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IT companies may not meet 2001 visa cap

Computerworld

By Patrick Thibodeau

WASHINGTON (IDG) -- The United States Immigration and Naturalization Service (INS) is expected to release statistics showing that businesses failed to use all the H-1B visas available in the fiscal year that ended September 30.

After a tremendous lobbying push by industry groups, Congress last year agreed to increase the controversial H-1B visa cap to 195,000 in the just-ended fiscal year, up from the previously approved level of 107,500 . By the end of July, however, the INS had approved 138,000 petitions for the visas.

And based on that trend, industry groups expect the final number will be short of the cap.

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Even if the 195,000 cap isn't officially reached, the number of H-1B petitions granted this year by the INS could be higher. Congress exempted people who take jobs at universities or research institutions, and applications pending in fiscal year 2000 could be filled this year and not counted as part of the cap.

The H-1B program is one of the most contentious issues facing the tech community. Critics charge that international workers are being hired in many instances because of a willingness to work for lower wages and fewer benefits. Industry groups argue that the U.S. isn't supplying enough workers with technical skills to meet demand. H-1B employees, hired for certain technical skills, can work in the U.S. for six years and possibly longer under some exceptions through the visa program.

The battle over H-1B visas is far from over. The cap will decline to 65,000 at the end of the 2003 fiscal year, which means that industry groups will have to renew their lobbying of Congress at about this time next year. Unless the economy makes a turnaround, keeping the cap at the current level could be difficult, said Lynn Shotwell, director of government relations at the American Council on International Personnel Inc.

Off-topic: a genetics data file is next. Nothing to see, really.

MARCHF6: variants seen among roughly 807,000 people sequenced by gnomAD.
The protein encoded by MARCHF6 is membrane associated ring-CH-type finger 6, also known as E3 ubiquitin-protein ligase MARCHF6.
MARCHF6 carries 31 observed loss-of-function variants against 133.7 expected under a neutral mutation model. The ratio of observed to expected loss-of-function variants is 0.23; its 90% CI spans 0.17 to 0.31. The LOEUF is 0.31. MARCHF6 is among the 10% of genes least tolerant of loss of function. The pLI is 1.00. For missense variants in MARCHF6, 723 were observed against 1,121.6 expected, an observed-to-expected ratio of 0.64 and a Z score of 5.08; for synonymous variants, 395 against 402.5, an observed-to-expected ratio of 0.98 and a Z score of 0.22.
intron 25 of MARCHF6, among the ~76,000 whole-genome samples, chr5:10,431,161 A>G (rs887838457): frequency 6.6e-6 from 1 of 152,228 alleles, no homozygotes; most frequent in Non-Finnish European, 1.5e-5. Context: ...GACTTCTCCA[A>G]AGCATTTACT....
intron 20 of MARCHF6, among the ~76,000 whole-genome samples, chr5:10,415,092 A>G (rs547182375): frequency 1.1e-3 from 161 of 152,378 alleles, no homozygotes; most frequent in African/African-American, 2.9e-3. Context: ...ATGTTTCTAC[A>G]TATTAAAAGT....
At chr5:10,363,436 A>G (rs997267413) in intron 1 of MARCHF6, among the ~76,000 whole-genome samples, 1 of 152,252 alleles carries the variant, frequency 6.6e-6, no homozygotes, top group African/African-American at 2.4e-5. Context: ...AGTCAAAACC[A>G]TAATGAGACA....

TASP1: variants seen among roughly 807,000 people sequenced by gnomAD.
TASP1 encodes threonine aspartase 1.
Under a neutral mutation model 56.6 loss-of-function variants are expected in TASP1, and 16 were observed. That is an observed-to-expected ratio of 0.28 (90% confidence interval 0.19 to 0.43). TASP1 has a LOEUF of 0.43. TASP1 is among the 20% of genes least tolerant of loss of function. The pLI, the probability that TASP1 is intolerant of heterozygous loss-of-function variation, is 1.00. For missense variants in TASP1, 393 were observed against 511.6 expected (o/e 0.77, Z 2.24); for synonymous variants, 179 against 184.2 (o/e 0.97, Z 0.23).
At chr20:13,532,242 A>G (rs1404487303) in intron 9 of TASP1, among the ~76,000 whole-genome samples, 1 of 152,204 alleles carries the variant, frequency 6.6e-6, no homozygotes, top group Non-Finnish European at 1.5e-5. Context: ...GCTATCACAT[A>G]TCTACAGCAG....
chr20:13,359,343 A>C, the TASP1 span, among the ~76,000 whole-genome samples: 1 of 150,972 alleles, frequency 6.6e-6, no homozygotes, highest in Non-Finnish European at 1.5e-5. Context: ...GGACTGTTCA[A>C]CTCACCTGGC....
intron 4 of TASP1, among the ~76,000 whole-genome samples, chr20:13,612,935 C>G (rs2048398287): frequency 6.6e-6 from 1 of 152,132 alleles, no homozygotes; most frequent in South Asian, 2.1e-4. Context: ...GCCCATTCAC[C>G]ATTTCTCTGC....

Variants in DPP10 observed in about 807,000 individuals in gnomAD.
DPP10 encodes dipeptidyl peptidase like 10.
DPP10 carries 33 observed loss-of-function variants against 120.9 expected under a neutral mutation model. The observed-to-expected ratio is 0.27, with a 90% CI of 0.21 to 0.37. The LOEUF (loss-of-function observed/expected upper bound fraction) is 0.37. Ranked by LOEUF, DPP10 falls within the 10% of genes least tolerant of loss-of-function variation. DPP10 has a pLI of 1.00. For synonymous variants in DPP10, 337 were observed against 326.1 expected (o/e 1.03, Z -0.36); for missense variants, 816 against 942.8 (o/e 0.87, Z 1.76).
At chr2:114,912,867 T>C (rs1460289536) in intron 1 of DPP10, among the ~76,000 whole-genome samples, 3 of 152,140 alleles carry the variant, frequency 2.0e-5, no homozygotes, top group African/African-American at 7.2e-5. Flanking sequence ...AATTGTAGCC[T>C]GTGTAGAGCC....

Even so, despite the current economic turndown, "I think the arguments are just as strong" for H-1B, she said.

H-1B opponents believe it would be in Congress' interest to lower the cap to stimulate domestic hiring. Doing so "would clearly be beneficial for American workers and new college graduates," said Mark Krikorian, executive director of the Center for Immigration Studies in Washington.

But Harris Miller, president of the Information Technology Association of America (ITAA), said that if the cap isn't reached, "it shows that market forces are working and employers are not abusing the program. It's a cap, not a required number," he said.

An ITAA study this spring estimated the U.S. IT workforce at 10.4 million people and a projected demand for new workers this year of approximately 900,000 -- down from a demand for 1.6 million new workers last year. Those figures haven't been updated since then.

Amar Veda, a spokesman for the Immigrants Support Network in Budd Lake, New Jersey -- an organization that helps H-1B visa holders -- said the INS statistics on H-1B use are misleading and reflect only those with approved petitions, not people who have actually come to the U.S. for work.

"Many of the companies get the petitions approved and keep them in reserve, and they are not used," said Veda. And since the September 11 terrorist attacks, no one is coming to the U.S. "There are no jobs. ... In fact, people are going back," he said.

For Norman Matloff, a computer science professor at the University of California at Davis and a leading critic of the H-1B program, the argument against the visas is more than academic. Matloff said one student of his who graduated in March with a solid B+ in computer science and engineering as well as some industrial experience, a person with "all the right things," still has not found a job.

"Employers are still hiring H-1Bs instead of him," said Matloff.


 
 
 
 


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